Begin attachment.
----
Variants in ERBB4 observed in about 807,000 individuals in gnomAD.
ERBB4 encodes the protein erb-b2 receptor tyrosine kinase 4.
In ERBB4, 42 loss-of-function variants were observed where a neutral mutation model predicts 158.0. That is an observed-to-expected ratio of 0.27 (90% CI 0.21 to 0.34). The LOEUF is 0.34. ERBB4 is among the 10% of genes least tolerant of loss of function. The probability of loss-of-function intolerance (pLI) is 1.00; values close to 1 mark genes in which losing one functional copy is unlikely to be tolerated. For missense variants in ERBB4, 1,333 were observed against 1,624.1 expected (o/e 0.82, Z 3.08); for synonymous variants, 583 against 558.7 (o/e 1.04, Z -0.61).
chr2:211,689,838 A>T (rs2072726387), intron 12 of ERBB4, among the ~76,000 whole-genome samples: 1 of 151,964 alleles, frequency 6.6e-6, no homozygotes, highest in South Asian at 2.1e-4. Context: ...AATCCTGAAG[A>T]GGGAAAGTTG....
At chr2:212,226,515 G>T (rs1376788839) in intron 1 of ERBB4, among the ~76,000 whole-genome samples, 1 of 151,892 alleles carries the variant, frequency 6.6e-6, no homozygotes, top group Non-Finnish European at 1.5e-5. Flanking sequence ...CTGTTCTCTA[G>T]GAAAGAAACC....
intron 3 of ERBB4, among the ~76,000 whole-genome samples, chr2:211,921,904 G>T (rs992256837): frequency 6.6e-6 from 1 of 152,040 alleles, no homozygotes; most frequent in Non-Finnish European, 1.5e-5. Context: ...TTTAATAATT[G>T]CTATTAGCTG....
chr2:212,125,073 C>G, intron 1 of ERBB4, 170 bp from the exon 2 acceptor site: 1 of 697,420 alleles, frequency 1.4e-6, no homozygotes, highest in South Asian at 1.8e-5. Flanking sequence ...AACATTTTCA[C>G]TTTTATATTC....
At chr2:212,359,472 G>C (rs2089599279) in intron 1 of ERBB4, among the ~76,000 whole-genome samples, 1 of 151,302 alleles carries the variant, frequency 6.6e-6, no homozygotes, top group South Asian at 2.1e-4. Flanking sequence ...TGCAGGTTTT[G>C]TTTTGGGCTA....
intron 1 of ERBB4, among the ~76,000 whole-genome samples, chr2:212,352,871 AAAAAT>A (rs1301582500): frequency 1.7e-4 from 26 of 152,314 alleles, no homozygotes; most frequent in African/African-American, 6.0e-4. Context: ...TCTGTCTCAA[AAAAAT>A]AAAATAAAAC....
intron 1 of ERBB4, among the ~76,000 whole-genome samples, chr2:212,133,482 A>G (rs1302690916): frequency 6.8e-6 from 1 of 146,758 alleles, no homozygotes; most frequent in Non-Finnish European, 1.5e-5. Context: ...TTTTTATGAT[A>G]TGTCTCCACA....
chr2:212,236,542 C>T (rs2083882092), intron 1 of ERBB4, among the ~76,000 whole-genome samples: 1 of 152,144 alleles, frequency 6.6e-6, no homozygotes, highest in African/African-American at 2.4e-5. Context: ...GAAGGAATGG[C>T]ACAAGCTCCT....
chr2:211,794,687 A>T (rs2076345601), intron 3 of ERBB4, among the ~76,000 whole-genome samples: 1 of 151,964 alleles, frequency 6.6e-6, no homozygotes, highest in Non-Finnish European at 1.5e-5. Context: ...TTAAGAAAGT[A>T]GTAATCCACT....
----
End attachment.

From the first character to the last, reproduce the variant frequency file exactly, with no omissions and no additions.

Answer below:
Variants in ERBB4 observed in about 807,000 individuals in gnomAD.
ERBB4 encodes the protein erb-b2 receptor tyrosine kinase 4.
In ERBB4, 42 loss-of-function variants were observed where a neutral mutation model predicts 158.0. That is an observed-to-expected ratio of 0.27 (90% CI 0.21 to 0.34). The LOEUF is 0.34. ERBB4 is among the 10% of genes least tolerant of loss of function. The probability of loss-of-function intolerance (pLI) is 1.00; values close to 1 mark genes in which losing one functional copy is unlikely to be tolerated. For missense variants in ERBB4, 1,333 were observed against 1,624.1 expected (o/e 0.82, Z 3.08); for synonymous variants, 583 against 558.7 (o/e 1.04, Z -0.61).
chr2:211,689,838 A>T (rs2072726387), intron 12 of ERBB4, among the ~76,000 whole-genome samples: 1 of 151,964 alleles, frequency 6.6e-6, no homozygotes, highest in South Asian at 2.1e-4. Context: ...AATCCTGAAG[A>T]GGGAAAGTTG....
At chr2:212,226,515 G>T (rs1376788839) in intron 1 of ERBB4, among the ~76,000 whole-genome samples, 1 of 151,892 alleles carries the variant, frequency 6.6e-6, no homozygotes, top group Non-Finnish European at 1.5e-5. Flanking sequence ...CTGTTCTCTA[G>T]GAAAGAAACC....
intron 3 of ERBB4, among the ~76,000 whole-genome samples, chr2:211,921,904 G>T (rs992256837): frequency 6.6e-6 from 1 of 152,040 alleles, no homozygotes; most frequent in Non-Finnish European, 1.5e-5. Context: ...TTTAATAATT[G>T]CTATTAGCTG....
chr2:212,125,073 C>G, intron 1 of ERBB4, 170 bp from the exon 2 acceptor site: 1 of 697,420 alleles, frequency 1.4e-6, no homozygotes, highest in South Asian at 1.8e-5. Flanking sequence ...AACATTTTCA[C>G]TTTTATATTC....
At chr2:212,359,472 G>C (rs2089599279) in intron 1 of ERBB4, among the ~76,000 whole-genome samples, 1 of 151,302 alleles carries the variant, frequency 6.6e-6, no homozygotes, top group South Asian at 2.1e-4. Flanking sequence ...TGCAGGTTTT[G>C]TTTTGGGCTA....
intron 1 of ERBB4, among the ~76,000 whole-genome samples, chr2:212,352,871 AAAAAT>A (rs1301582500): frequency 1.7e-4 from 26 of 152,314 alleles, no homozygotes; most frequent in African/African-American, 6.0e-4. Context: ...TCTGTCTCAA[AAAAAT>A]AAAATAAAAC....
intron 1 of ERBB4, among the ~76,000 whole-genome samples, chr2:212,133,482 A>G (rs1302690916): frequency 6.8e-6 from 1 of 146,758 alleles, no homozygotes; most frequent in Non-Finnish European, 1.5e-5. Context: ...TTTTTATGAT[A>G]TGTCTCCACA....
chr2:212,236,542 C>T (rs2083882092), intron 1 of ERBB4, among the ~76,000 whole-genome samples: 1 of 152,144 alleles, frequency 6.6e-6, no homozygotes, highest in African/African-American at 2.4e-5. Context: ...GAAGGAATGG[C>T]ACAAGCTCCT....
chr2:211,794,687 A>T (rs2076345601), intron 3 of ERBB4, among the ~76,000 whole-genome samples: 1 of 151,964 alleles, frequency 6.6e-6, no homozygotes, highest in Non-Finnish European at 1.5e-5. Context: ...TTAAGAAAGT[A>T]GTAATCCACT....